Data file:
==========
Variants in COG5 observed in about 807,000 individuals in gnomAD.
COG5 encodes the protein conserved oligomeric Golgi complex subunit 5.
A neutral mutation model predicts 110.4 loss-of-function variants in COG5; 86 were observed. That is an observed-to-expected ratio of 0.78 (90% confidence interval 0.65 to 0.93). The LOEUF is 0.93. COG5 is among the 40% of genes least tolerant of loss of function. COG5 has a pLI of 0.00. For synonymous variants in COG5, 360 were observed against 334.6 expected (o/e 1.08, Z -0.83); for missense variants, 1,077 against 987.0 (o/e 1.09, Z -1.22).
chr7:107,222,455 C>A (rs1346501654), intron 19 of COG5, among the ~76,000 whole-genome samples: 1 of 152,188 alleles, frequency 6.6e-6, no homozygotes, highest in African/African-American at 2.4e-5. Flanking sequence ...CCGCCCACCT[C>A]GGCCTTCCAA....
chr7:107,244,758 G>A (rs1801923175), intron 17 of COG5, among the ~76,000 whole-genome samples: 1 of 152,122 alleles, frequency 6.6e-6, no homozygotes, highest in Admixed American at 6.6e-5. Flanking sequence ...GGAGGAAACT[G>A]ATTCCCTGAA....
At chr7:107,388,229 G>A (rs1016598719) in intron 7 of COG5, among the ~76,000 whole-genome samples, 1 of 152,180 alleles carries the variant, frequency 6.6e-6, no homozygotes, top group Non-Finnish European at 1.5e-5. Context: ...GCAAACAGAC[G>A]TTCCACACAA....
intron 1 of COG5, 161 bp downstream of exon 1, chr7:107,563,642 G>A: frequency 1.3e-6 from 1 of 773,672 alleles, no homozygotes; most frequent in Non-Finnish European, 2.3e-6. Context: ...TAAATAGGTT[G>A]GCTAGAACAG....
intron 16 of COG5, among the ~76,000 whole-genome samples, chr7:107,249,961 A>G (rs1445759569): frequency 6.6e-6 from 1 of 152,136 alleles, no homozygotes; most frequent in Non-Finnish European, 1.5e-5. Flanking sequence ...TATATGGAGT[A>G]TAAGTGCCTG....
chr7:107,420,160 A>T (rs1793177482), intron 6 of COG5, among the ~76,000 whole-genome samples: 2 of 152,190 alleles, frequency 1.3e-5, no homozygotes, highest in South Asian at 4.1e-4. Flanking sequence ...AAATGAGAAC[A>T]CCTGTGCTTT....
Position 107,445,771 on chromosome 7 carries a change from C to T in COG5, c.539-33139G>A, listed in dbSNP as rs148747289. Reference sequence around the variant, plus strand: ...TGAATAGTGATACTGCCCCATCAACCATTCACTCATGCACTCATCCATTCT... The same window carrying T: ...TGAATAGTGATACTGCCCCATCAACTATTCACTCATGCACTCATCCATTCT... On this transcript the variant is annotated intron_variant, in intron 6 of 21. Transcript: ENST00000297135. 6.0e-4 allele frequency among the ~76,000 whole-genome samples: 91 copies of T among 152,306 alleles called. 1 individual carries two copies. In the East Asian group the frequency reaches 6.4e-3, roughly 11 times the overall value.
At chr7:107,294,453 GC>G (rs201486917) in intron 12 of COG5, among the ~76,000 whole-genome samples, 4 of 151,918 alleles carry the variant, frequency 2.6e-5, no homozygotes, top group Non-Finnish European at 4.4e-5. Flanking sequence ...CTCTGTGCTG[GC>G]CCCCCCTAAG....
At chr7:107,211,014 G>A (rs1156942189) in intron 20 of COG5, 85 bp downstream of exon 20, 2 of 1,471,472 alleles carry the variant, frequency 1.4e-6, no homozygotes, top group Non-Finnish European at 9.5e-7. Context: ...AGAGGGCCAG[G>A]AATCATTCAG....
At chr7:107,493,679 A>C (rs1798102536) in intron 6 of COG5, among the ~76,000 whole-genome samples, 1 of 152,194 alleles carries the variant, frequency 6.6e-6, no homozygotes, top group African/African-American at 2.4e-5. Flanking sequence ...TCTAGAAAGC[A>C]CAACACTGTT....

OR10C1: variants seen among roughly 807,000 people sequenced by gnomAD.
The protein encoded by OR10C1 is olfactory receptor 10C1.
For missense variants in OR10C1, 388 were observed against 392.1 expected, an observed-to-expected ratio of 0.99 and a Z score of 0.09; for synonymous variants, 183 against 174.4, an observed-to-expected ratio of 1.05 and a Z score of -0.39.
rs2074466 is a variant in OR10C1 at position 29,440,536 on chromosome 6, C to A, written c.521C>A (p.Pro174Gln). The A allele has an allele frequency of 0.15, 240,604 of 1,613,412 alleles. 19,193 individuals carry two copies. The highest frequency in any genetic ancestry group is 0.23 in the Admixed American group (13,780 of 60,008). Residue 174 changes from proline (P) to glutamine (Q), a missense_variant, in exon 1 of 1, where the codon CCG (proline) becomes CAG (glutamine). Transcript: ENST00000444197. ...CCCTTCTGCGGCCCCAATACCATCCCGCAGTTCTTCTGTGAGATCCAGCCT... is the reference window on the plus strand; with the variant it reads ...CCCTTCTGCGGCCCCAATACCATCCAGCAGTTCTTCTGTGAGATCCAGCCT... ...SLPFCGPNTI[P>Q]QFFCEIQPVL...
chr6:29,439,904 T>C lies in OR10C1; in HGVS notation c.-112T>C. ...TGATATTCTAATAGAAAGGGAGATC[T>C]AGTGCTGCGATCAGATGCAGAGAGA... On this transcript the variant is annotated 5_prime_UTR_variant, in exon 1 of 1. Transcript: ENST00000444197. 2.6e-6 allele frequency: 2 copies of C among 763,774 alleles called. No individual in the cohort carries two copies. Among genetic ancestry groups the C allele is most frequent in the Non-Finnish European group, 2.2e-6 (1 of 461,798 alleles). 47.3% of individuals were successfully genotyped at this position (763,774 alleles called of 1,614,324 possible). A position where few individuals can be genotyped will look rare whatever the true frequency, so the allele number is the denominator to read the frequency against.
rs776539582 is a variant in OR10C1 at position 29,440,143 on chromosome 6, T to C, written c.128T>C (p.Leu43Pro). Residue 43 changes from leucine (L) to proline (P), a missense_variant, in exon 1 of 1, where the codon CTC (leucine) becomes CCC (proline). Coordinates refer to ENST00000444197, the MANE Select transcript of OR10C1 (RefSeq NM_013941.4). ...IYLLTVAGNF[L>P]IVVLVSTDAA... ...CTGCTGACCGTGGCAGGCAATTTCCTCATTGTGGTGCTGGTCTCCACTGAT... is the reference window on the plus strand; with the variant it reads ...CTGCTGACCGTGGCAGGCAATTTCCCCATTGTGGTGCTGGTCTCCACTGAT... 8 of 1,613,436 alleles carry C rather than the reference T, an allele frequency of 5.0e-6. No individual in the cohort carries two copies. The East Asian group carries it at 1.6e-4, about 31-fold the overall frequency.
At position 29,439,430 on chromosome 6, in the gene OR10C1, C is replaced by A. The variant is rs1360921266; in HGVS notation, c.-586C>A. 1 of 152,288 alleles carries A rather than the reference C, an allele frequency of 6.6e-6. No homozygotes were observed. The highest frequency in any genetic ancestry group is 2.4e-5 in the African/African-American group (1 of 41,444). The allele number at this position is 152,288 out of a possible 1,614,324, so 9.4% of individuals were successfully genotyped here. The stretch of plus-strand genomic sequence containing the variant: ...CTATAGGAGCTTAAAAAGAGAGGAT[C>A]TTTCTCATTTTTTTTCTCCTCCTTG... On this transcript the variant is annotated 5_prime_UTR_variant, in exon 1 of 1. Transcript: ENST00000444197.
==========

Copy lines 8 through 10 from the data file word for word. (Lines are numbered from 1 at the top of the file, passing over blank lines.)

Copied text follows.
intron 16 of COG5, among the ~76,000 whole-genome samples, chr7:107,249,961 A>G (rs1445759569): frequency 6.6e-6 from 1 of 152,136 alleles, no homozygotes; most frequent in Non-Finnish European, 1.5e-5. Flanking sequence ...TATATGGAGT[A>G]TAAGTGCCTG....
chr7:107,420,160 A>T (rs1793177482), intron 6 of COG5, among the ~76,000 whole-genome samples: 2 of 152,190 alleles, frequency 1.3e-5, no homozygotes, highest in South Asian at 4.1e-4. Flanking sequence ...AAATGAGAAC[A>T]CCTGTGCTTT....
Position 107,445,771 on chromosome 7 carries a change from C to T in COG5, c.539-33139G>A, listed in dbSNP as rs148747289. Reference sequence around the variant, plus strand: ...TGAATAGTGATACTGCCCCATCAACCATTCACTCATGCACTCATCCATTCT... The same window carrying T: ...TGAATAGTGATACTGCCCCATCAACTATTCACTCATGCACTCATCCATTCT... On this transcript the variant is annotated intron_variant, in intron 6 of 21. Transcript: ENST00000297135. 6.0e-4 allele frequency among the ~76,000 whole-genome samples: 91 copies of T among 152,306 alleles called. 1 individual carries two copies. In the East Asian group the frequency reaches 6.4e-3, roughly 11 times the overall value.